Mumise was very small at this time (she isn’t very big now, to be fair) and my grandparents’ memories are foggy after eighty six years, so no clear information about the location of the sweetshop is forthcoming. Despite being unable to trace this elusive emporium, nor finding any pictorial evidence of the enterprising Tom and Phillip, a happy couple of hours were spent exploring both the historical records and lively streets themselves.

Putney is perhaps the closest thing to Cambridge that you can experience in London. Here you will find the starting point of the legendary Oxford and Cambridge boat race and the banks of the Thames boast boat houses of varying grandeur, homes to all manner of top-notch rowing clubs. The bright, crisp afternoon was perfect for wandering along the river, watching a bit of rowing and hunting for another historical location – Festings Road.

For those of a certain age, a certain bowler hat-wearing children’s character by the name of Mr Benn needs no introduction. Created by David McKee, Mr Benn was a smart London gent whose address was the only slightly fictional 52 Festive Road (next door to McKee’s own address at the time of 54 Festing Road). Every day he would leave his house, dressed smartly in a black suit and bowler hat, to visit a fancy-dress shop where a mysterious shopkeeper would inexplicably appear and suggest he try on an outfit. Mr Benn would dutifully don the outfit du jour then leave through a magic door and embark upon an adventure related to his costume.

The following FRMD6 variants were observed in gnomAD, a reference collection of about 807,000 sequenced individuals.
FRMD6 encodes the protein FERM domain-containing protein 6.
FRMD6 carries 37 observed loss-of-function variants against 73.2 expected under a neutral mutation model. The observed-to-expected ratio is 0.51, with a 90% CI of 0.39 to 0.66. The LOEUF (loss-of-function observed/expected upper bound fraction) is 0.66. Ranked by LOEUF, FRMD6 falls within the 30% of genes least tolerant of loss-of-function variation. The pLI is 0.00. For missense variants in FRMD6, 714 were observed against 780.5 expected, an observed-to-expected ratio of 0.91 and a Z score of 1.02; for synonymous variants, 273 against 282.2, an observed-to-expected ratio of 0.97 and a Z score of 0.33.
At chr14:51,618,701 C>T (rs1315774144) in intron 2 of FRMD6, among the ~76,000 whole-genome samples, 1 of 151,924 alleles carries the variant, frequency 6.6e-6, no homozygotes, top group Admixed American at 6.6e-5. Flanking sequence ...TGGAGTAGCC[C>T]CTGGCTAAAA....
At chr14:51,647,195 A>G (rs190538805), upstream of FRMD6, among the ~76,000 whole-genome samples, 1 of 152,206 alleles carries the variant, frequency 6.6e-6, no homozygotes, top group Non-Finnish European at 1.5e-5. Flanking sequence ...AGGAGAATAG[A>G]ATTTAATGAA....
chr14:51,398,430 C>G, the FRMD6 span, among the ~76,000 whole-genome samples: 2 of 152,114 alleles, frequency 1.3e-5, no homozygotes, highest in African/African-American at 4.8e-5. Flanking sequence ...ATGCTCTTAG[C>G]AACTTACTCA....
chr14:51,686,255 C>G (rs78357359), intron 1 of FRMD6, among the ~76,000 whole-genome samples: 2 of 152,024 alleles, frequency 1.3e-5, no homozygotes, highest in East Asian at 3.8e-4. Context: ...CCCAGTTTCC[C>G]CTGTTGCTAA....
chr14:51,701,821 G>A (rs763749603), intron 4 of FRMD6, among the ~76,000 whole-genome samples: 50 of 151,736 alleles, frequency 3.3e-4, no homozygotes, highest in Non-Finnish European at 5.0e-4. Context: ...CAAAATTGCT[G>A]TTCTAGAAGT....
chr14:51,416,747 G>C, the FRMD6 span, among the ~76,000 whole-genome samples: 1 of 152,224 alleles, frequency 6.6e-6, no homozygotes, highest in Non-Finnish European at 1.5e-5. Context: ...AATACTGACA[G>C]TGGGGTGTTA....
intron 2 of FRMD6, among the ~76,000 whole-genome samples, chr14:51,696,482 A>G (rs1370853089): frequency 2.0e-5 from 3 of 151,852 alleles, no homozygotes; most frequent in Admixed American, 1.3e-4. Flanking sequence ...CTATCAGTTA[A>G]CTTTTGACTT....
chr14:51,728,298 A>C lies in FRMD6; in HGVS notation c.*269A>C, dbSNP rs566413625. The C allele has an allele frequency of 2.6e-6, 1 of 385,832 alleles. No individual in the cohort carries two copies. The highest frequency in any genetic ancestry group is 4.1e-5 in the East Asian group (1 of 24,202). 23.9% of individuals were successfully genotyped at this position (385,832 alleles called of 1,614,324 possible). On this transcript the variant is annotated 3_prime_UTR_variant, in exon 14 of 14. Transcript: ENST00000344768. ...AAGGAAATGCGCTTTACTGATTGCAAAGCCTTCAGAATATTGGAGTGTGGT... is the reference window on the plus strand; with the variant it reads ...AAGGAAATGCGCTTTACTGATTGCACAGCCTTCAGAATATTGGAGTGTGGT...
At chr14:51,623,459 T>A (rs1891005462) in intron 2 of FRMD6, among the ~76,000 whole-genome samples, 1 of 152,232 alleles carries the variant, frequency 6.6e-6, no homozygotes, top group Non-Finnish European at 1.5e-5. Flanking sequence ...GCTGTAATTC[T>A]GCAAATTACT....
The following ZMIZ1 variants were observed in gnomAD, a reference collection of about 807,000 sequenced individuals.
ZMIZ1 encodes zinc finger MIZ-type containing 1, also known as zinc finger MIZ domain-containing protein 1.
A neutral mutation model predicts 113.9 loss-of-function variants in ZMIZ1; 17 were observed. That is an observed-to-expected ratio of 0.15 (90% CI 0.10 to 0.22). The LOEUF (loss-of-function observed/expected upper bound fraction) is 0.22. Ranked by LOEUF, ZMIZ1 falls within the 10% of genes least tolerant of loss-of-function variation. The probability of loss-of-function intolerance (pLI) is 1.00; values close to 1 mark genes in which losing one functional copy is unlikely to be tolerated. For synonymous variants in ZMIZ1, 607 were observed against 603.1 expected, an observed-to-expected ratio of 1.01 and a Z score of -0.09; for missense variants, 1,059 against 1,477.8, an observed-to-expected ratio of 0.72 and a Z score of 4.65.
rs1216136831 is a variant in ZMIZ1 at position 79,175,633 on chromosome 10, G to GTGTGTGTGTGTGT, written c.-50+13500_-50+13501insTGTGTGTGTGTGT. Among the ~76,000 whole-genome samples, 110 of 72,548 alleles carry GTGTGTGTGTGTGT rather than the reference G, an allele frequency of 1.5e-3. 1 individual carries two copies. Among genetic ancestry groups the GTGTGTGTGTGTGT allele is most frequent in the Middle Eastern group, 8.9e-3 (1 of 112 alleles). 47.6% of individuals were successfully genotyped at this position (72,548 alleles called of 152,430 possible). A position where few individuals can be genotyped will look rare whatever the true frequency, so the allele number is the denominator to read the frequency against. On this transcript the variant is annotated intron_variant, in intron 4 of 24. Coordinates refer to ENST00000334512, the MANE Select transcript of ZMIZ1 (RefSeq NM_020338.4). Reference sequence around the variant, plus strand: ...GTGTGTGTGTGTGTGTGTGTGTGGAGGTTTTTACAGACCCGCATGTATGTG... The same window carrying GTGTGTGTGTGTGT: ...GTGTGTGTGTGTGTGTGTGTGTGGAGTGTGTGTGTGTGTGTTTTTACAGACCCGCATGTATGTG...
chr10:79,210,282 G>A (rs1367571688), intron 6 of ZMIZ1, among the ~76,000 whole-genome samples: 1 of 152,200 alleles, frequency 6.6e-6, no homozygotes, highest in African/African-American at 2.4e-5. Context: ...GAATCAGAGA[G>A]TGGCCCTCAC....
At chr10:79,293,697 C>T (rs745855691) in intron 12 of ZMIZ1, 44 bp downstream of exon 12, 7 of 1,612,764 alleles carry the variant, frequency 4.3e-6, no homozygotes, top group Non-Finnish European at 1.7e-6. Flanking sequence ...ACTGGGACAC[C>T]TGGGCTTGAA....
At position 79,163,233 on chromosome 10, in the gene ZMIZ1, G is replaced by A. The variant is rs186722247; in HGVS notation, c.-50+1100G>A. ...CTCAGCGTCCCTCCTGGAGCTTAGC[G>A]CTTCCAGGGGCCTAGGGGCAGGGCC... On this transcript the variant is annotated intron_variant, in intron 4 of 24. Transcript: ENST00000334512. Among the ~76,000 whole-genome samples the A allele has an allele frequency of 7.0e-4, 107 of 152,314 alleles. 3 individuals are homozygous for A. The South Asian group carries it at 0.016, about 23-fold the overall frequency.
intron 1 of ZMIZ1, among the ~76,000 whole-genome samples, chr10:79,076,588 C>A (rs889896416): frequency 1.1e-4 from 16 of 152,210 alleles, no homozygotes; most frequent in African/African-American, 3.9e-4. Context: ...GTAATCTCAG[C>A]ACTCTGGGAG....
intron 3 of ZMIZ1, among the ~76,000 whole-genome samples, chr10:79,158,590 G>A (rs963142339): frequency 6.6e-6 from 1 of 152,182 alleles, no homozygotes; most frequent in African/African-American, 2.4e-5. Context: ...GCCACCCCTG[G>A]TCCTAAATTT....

This was a successful quest and I merrily hummed the Mr Benn theme tune and jauntily announced the infamous catchphrase of ‘As if by magic, the shopkeeper appeared!’ with the kind of gusto you can no doubt imagine. So pleased was I with my own adventure, that I had to go to a nearby public house to raise a glass to the fellow who served as an early influence of my love of bowler hats. Sharing details of my endeavours of social media, as one does in this day and age, I was delighted to receive a tweet from Mr Benn himself! His Twitter feed suggests that he spends less time in costume shops these days, preferring to visit classic car shows, but the similarities between our profile pictures leads me to believe that I might be his love child.

Mumsie has some explaining to do, I suspect.

More bowler hat adventures!

First Lady Of The Keys – Amazon UK   Amazon US

The Vanishing Lord – Amazon UK   Amazon US